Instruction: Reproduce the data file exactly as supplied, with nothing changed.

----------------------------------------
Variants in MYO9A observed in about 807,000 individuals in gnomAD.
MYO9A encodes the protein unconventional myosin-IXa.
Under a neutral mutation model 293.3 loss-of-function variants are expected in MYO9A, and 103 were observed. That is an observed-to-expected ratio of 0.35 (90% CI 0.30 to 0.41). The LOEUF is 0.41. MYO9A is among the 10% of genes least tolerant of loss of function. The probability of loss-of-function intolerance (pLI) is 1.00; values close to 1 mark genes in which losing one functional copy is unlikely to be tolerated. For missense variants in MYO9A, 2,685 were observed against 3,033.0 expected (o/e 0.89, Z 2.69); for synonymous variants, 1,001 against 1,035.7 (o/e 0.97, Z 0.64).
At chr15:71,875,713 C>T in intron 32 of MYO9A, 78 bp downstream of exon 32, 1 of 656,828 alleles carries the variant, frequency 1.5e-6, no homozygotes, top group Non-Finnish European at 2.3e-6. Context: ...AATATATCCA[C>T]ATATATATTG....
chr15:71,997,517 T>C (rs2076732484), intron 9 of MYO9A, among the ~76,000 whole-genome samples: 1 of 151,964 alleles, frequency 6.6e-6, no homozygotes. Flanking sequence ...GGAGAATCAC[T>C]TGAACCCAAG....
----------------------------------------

Variants in MYO9A observed in about 807,000 individuals in gnomAD.
MYO9A encodes the protein unconventional myosin-IXa.
Under a neutral mutation model 293.3 loss-of-function variants are expected in MYO9A, and 103 were observed. That is an observed-to-expected ratio of 0.35 (90% CI 0.30 to 0.41). The LOEUF is 0.41. MYO9A is among the 10% of genes least tolerant of loss of function. The probability of loss-of-function intolerance (pLI) is 1.00; values close to 1 mark genes in which losing one functional copy is unlikely to be tolerated. For missense variants in MYO9A, 2,685 were observed against 3,033.0 expected (o/e 0.89, Z 2.69); for synonymous variants, 1,001 against 1,035.7 (o/e 0.97, Z 0.64).
At chr15:71,875,713 C>T in intron 32 of MYO9A, 78 bp downstream of exon 32, 1 of 656,828 alleles carries the variant, frequency 1.5e-6, no homozygotes, top group Non-Finnish European at 2.3e-6. Context: ...AATATATCCA[C>T]ATATATATTG....
chr15:71,997,517 T>C (rs2076732484), intron 9 of MYO9A, among the ~76,000 whole-genome samples: 1 of 151,964 alleles, frequency 6.6e-6, no homozygotes. Flanking sequence ...GGAGAATCAC[T>C]TGAACCCAAG....